Get the bottle jack out. Now I remember why I had thought of replacing it. It doesn't rise more than a couple of inches. It's so old that it's lost a lot of fluid. It worked fine for pulling a fully inflated tire off when I checked the brakes before leaving but is useless when there is no tire remaining on the rim (actually, it barely worked when the truck tire needed replacing before arriving in PEI. That tire was half deflated). So I raised the axle a couple inches. Block it with some wood and start over 4 or 5 times. An hour later and the spare is on the trailer. That should have taken 10 minutes.
The next hour of driving is on very rough, potholed and windy roads. The great morning start now sucks.
I arrive in Port Hawkesbury about a half hour after that. The main highway, in a lot better condition, starts. I drive by a Canadian Tire and stop in. I don't want to drive very far without a spare for the trailer. They don't have trailer tires but they direct me to a tire shop that would. Within 10 minutes I have a new tire for a spare and am back on the road.
The drive through Nova Scotia went fairly well. The highway is quite good. I get to Moncton and need some gas. I'm heading north. A road sign says there's a gas station at the next turn off. Turn and drive east about 5 kms. No gas station. Turn north and drive about 10 kms before finding a gas station. This station was less than one kilometre from the highway I was originally one as the 2 north-south roads had gotten closer. A 15 kilometre detour for what? At least I wasn't that desperate for gas.
Then I make the turn off the main highway towards Caraquette. Start following a truck that is going very slow and I can't pass. Then it's construction zone after construction zone. Had to wait at least 15 minutes at one place as they did some work.
I'm extremely tired by this time and really want to get to the campground. Only 30 kilometres to go as per the GPS in the truck. The thing is, I didn't input the exact address of the campground in this GPS as it couldn't find it. So I entered the intersecting street. I use the Google Map function on my iPhone and it has the exact location of the campground. I'm still over 80 kms away. The truck GPS had the opposite end of the intersecting highway that looped around.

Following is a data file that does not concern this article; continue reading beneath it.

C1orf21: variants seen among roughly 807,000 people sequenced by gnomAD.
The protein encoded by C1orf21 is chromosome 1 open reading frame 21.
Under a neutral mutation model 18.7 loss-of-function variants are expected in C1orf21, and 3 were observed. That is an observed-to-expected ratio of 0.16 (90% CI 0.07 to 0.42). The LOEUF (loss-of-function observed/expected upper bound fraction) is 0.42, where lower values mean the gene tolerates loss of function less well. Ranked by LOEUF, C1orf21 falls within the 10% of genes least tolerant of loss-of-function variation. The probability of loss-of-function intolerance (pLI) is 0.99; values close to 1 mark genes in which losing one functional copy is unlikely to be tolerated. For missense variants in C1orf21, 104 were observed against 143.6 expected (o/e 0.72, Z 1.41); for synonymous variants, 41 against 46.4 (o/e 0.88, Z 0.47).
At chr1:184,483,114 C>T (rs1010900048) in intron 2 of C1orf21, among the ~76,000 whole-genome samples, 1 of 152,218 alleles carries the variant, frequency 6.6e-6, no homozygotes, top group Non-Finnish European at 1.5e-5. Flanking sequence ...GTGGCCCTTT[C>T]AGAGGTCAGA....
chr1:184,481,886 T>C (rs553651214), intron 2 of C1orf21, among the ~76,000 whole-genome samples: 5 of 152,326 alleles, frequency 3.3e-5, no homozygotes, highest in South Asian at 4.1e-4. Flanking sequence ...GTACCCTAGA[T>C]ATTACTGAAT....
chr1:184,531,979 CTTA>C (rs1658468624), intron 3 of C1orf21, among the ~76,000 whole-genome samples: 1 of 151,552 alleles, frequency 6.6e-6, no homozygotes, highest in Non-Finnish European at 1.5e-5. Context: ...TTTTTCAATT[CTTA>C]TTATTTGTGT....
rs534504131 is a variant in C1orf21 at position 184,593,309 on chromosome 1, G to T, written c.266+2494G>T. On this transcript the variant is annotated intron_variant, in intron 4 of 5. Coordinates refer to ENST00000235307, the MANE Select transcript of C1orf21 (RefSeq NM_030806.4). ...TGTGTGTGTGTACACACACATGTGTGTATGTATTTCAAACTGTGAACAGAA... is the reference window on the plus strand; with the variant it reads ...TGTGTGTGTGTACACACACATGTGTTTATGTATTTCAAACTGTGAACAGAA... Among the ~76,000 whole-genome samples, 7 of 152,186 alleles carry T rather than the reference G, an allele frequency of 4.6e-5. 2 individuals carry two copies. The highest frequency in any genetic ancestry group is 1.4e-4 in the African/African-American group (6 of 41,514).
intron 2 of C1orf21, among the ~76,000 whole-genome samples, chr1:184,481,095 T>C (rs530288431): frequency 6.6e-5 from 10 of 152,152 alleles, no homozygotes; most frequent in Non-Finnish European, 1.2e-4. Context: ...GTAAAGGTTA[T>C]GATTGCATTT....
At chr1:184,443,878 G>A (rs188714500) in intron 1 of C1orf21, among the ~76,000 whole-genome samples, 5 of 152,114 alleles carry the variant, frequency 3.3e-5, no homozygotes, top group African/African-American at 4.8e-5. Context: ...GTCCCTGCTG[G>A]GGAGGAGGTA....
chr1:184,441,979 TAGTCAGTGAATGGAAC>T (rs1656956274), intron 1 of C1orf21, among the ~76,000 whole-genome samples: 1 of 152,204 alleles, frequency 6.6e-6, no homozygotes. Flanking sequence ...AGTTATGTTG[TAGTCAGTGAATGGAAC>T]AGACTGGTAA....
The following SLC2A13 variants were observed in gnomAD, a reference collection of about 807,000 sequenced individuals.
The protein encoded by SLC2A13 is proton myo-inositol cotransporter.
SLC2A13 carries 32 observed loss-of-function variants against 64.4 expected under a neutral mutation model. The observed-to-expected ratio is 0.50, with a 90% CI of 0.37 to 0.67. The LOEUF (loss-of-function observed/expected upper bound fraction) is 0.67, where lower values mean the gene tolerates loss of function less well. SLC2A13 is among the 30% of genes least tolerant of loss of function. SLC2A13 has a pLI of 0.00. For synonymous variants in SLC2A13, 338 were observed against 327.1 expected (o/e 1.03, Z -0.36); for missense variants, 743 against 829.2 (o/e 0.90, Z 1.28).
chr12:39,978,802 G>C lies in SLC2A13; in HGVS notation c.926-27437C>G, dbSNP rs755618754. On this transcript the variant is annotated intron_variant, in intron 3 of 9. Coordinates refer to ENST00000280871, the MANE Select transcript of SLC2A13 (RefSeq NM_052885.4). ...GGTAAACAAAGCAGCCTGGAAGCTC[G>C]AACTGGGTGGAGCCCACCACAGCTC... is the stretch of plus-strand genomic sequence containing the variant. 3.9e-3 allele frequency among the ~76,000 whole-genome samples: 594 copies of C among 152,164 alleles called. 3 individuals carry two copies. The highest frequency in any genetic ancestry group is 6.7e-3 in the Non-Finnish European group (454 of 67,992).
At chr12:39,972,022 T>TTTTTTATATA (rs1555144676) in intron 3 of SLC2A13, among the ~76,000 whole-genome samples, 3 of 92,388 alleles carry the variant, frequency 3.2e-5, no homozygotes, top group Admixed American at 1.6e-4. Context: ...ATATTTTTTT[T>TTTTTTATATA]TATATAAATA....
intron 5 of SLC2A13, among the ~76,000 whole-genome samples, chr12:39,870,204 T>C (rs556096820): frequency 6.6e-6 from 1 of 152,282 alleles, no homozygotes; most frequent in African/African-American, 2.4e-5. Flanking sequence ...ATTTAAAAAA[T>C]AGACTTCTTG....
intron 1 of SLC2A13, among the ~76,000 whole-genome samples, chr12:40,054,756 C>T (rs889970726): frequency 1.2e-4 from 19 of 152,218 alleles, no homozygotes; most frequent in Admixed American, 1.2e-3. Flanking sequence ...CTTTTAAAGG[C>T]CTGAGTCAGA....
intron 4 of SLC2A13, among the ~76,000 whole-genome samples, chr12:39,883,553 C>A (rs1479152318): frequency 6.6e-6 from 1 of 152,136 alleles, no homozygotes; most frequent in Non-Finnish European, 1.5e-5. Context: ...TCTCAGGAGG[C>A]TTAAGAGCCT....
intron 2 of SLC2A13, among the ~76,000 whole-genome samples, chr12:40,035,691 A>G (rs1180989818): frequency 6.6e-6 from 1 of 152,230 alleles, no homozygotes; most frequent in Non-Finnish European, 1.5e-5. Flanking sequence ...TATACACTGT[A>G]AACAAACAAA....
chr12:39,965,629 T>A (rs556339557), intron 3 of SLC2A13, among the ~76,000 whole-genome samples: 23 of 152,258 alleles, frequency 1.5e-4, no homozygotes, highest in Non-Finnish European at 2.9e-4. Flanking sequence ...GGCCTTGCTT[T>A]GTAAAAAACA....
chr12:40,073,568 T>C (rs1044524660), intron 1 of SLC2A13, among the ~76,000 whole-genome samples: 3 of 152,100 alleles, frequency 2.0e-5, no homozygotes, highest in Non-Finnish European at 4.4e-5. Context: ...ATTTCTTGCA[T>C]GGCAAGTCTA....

Then more construction...and more construction... and Caraquet...YEAH!
Get to the campground and no one is in the office. There's a number to call. They arrive a half hour later. It's after 6 PM. 12 hours to drive 750 kilometres.
Yes, that was 24 hours of HELL! or not?
Was it really Hell?
I was tired. I did have a breakdown. But things could have gone much worse if there hadn't been a siding for me to stop on right away that was large enough for me to back up on and change the tire. It took me longer to change the tire than it should have because I didn't buy a new jack as I knew I should. I had looked at them when I was in Halifax but decided against it for some reason. I had the replacement tire within 10 minutes and I didn't have to detour. Stopping in Moncton would have been a detour from my route and even then I would have gone to Canadian Tire. Who knows if they could have given me a tire shop that was close and could have helped me so quickly.
All the construction zones were tiring. But that also meant that there were many sections of the highway that were newly paved and smooth. So I actually made up time in those sections.
Changing "negative" experiences into "positive" is very easy if you change your perspective a little.
Yes. It was 24 hours of Heaven.
And I almost forgot. A glass fell from the top cupboard from all the rocking on the rough roads and didn't shatter. Though, the laundry spray that's in a cupboard at the back of the trailer did spill. Took me 10 minutes to clean that up. What's worse? Cleaning up a liquid or pieces of glass?
Think It! Feel It! Live It!
Where I stayed